Cynthia - Well, the dhal puri might be a little while off yet but not too long, I hope. It looks really delicious, and I'm so curious to taste it. Do you know of any non-Jamaican restaurants in Los Angeles? I should do a proper search for Caribbean restaurants and then call them to see if they make dhal puri!
Susan, lovie - The zig-zagging is not only decorative but also very functional as it allows for tearing bits of bread to dip into oil and dukkah or hummus. A particular favorite? No. They all appeal on different days, and sometimes they are served all at once, especially if people are over for wine and nibbles.
Victoria - I do think of you when I read recipes because it seems like you have to make more of an effort to modify a recipe than most people. I suppose there is no such thing as wheat-free bread...
Rose - Thank you so much for visiting this little blog. This flatbread is perfect to have at any time and is a breeze to make (really, if I can do it, anyone can!).
Bruno - I, too, have a massive weakness for cumin. I have been inspired by Pille's comment above and may try it next with caraway seeds.
How's the weather in Auckland?
And secondly, I've found another great food blog. :)
Nigel - I'm making the flatbread again this weekend. It really is a breeze to make and is so substantial. As for the daiquiris, I have to say that I don't trypically order them in bars (in which I usually have a pinot noir or a sidecar) - though lately a vodka martini with cherries instead of olive in my chosen poison.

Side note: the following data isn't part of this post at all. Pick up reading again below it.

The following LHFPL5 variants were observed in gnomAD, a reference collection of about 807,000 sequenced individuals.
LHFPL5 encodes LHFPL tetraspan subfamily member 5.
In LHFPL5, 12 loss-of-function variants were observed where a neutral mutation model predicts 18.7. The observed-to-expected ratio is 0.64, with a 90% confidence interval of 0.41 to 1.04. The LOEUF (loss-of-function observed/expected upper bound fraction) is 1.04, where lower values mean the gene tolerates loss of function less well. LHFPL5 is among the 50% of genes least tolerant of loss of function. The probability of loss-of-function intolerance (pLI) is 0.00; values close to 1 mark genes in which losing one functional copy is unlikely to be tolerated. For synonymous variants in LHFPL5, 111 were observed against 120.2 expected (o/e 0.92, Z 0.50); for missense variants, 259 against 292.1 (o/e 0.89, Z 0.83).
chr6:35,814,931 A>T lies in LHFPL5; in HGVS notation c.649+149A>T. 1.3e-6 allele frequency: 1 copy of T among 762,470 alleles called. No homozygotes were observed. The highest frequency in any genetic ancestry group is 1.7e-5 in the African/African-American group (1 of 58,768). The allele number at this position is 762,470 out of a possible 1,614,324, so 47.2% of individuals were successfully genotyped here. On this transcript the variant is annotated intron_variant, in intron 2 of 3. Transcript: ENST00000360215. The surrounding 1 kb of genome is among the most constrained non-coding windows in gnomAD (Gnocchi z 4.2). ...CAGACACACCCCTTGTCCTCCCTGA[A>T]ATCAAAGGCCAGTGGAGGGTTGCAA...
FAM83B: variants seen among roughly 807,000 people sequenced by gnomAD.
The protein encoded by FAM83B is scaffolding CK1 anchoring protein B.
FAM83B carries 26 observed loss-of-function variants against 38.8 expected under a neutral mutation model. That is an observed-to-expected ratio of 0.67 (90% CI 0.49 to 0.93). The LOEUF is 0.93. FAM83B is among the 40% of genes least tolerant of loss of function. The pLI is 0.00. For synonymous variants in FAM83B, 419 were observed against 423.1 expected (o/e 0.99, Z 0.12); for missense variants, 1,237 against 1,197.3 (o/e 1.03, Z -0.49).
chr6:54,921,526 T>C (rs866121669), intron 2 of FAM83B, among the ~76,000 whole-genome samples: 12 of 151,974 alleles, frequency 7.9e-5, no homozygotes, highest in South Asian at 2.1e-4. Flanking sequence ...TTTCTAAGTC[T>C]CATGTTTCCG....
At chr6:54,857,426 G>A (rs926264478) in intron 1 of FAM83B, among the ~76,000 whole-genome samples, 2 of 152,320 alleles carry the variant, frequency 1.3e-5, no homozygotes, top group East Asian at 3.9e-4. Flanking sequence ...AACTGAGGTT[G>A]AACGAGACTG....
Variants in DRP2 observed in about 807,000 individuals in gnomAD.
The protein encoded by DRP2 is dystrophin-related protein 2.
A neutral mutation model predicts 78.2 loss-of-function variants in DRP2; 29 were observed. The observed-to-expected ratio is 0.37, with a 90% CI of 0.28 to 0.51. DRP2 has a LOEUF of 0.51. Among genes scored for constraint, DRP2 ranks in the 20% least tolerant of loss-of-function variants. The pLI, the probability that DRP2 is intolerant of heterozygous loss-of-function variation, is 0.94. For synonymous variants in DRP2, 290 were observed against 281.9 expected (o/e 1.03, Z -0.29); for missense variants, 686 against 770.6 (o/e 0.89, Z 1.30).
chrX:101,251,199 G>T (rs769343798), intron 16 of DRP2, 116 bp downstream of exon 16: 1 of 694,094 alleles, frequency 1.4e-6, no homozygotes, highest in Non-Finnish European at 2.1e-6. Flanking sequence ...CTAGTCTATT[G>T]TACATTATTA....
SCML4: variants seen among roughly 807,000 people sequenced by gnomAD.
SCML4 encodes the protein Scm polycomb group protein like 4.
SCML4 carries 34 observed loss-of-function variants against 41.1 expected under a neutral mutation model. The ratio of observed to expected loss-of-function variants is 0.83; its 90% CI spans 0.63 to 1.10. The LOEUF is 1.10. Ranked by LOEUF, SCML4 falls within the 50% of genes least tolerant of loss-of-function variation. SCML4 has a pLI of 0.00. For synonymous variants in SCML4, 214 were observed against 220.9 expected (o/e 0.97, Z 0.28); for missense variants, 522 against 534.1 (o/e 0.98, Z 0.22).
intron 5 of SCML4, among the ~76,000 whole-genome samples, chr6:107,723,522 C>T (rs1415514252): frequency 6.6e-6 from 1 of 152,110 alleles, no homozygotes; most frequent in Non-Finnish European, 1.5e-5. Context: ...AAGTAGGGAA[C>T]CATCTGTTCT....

Amanda - Seriously, if I can make this turn out, you will not have any trouble. And, of course, you don't have to use cumin.
Lucy - Welcome! I'm glad you, too, know of the great joys of charkhlis pkhali. It is one of the first dips I thought of when making flatbread. When I left Auckland a storm was building up, and there has been a lot of rain since (including seriously bad flooding in the northern part of the country). I'm in LA for a couple of months, and I hope things will have settled down upon my return, though Spring is notoriously wet there.
Wendy - A warm welcome to you! I'm glad that the find was "lucky". This flatbread recipe has worked really well for me, and I hope that you find success with it - please let me know.
Veron - Once you return to the normalcy of home cooking (I know you're at "school" right now), give these a go. They do not require a lot of energy or even that much patience.